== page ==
CAIRO: Several Egyptian archaeologists have deeply questioned the results of recent research that has attributed the death of Egypt’s Pharaoh Tutankhamen to a genetic disorder.
Last week, researchers at the Institute for Mummies and Icemen in Italy issued a report suggesting the parents of Tutankhamen were brother and sister, from whom he inherited genetic impairments that caused his premature death at the age of 19.
Renowned archaeologist Zahi Hawass, as quoted by Al-Ahram Sunday, fiercely described the result as “slander” aimed at “distorting the fame of Egypt’s most famous pharaoh.”
Tutankhamen’s parentage is a historical debate, and Hawass said the assumptions claiming his parents were related are nothing but “medical conclusions that lack historical evidence.”
“The report is a media stunt aimed at acquiring fame at the expense of Tutankhamen,” he added.
The report is based on a virtual autopsy that created a full size computer-generated image of Tutankhamen by using 2,000 computerized tomography (CT) scans of the pharaoh’s mummified body, according to the Daily Mail.
The report includes images portraying Tutankhamen with girlish hips, a club foot and buck teeth. It also suggests that Queen Nefertiti—Tutankhamen’s mother—was the sister of his father, Pharaoh Akhenaton.
Pharaoh’s ancestry questioned
However, statues of Akhenaton and his royal family members, which show them with elongated heads, protruding stomachs, heavy hips, thin arms and legs and exaggerated facial features, might support the recent incest theory, archaeologist Sherif el-Sabban told The Cairo Post Sunday.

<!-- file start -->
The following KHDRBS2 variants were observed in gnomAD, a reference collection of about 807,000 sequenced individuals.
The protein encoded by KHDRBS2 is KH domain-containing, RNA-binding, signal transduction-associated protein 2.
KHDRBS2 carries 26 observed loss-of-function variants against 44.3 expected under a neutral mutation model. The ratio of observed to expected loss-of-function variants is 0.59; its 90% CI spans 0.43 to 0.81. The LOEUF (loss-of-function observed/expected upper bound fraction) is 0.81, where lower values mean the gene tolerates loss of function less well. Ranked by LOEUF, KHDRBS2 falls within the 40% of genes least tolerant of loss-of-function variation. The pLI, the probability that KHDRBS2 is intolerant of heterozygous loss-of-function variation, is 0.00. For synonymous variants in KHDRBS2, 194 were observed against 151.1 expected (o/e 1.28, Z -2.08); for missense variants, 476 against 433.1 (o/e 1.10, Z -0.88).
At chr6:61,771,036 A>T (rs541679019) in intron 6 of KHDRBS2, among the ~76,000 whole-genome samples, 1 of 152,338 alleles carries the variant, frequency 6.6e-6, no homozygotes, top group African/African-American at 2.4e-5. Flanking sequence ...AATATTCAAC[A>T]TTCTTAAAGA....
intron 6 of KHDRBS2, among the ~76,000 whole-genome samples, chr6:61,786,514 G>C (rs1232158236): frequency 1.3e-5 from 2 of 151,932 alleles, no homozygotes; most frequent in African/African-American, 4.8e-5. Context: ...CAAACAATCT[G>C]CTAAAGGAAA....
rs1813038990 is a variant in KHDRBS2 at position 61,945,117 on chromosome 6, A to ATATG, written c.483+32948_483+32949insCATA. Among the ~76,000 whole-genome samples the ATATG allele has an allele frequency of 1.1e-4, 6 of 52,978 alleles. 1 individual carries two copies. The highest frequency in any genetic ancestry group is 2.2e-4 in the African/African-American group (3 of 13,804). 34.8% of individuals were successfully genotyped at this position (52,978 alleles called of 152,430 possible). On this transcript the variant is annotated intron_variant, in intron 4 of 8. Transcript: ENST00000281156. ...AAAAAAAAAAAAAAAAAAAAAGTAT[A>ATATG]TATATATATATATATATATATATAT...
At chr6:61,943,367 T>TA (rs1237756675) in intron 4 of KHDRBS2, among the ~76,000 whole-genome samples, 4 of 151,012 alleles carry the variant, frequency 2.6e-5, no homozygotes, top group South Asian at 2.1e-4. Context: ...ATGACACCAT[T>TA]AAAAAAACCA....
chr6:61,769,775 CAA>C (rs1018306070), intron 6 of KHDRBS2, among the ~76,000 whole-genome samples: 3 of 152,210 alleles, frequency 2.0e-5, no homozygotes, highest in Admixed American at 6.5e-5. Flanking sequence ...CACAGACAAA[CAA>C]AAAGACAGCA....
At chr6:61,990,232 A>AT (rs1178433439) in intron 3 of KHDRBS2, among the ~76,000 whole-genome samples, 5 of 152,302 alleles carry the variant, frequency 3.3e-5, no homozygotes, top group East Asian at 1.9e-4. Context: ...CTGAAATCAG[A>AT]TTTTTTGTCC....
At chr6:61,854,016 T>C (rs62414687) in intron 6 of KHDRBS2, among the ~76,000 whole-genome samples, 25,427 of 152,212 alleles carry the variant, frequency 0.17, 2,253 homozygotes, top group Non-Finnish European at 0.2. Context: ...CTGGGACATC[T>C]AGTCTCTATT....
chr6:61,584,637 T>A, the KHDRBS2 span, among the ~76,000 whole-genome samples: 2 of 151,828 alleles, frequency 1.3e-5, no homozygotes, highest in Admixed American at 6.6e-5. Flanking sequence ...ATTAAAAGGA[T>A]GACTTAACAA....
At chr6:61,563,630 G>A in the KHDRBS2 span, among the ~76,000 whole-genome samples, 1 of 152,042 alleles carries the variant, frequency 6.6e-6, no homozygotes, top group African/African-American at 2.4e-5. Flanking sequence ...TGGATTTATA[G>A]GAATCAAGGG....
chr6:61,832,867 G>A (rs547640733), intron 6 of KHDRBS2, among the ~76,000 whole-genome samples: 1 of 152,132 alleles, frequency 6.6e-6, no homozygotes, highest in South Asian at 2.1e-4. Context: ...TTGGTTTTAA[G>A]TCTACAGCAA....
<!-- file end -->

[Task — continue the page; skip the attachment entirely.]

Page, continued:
“It seems that the royal family’s lineage suffered from some kind of inherited conditions that have caused a hormonal imbalance,” according to Sabban.
But archaeologist Ahmed Saleh denounced the report and the photos, and told The Cairo Post Sunday that Queen Nefertiti was not Akhenaton’s sister.
He went further by saying “she was not related to Akhenaton and was not descended from royal blood.”
He added that the Akhenaton-Nefertiti relationship might not even be applicable to Tutankhamen’s genetics, as “Keya, Akhenaton’s concubine, was most probably Tutankhamen’s mother.”
Since mummies of Akhenaton and Nefertiti have yet to be found, the report can only remain a theory, according to Saleh.
Multiple theories on King Tut’s death
The results of the latest research challenge an older theory attributing Tutankhamen’s death to complications arising from when he broke his leg in a chariot crash.
Professor Albert Zink I, who participated in the research, told The Independent Sunday that Tutankhamen’s inability to stand unaided would have made riding in a chariot impossible.
“On the other hand he suffered from malaria so it is difficult to say whether that may have been a serious factor in the cause of death,” Zink said, emphasizing there was still more research to be done, according to The Independent Sunday.
The new research is part of a BBC documentary called “Tutankhamen: The Truth Uncovered” set to air on Oct. 26.